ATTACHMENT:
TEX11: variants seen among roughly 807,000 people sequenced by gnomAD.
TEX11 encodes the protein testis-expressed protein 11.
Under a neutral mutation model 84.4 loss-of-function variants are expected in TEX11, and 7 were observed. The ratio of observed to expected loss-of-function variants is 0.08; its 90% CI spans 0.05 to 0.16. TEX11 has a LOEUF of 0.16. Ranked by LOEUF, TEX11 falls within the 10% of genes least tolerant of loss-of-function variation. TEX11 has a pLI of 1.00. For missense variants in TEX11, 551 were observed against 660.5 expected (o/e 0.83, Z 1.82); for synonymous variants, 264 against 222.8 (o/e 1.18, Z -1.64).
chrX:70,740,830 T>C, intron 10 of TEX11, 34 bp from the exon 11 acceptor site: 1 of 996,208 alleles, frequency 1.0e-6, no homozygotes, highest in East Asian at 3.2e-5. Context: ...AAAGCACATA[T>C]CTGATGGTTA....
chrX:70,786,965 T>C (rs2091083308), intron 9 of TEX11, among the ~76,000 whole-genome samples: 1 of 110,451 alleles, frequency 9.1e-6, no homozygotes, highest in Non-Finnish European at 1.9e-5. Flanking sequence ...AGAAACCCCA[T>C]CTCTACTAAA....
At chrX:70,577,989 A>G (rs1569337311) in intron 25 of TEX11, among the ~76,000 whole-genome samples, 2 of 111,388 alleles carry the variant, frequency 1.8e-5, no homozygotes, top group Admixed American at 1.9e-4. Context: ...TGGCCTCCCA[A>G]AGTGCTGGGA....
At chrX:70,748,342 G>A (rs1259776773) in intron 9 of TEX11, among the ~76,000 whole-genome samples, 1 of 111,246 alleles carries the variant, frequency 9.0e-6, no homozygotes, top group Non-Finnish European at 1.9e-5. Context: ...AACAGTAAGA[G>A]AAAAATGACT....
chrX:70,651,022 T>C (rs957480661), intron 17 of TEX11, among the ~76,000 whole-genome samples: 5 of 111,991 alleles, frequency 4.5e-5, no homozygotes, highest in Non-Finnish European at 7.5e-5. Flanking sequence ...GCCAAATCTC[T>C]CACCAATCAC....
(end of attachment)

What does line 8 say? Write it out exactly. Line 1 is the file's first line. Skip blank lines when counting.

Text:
chrX:70,651,022 T>C (rs957480661), intron 17 of TEX11, among the ~76,000 whole-genome samples: 5 of 111,991 alleles, frequency 4.5e-5, no homozygotes, highest in Non-Finnish European at 7.5e-5. Flanking sequence ...GCCAAATCTC[T>C]CACCAATCAC....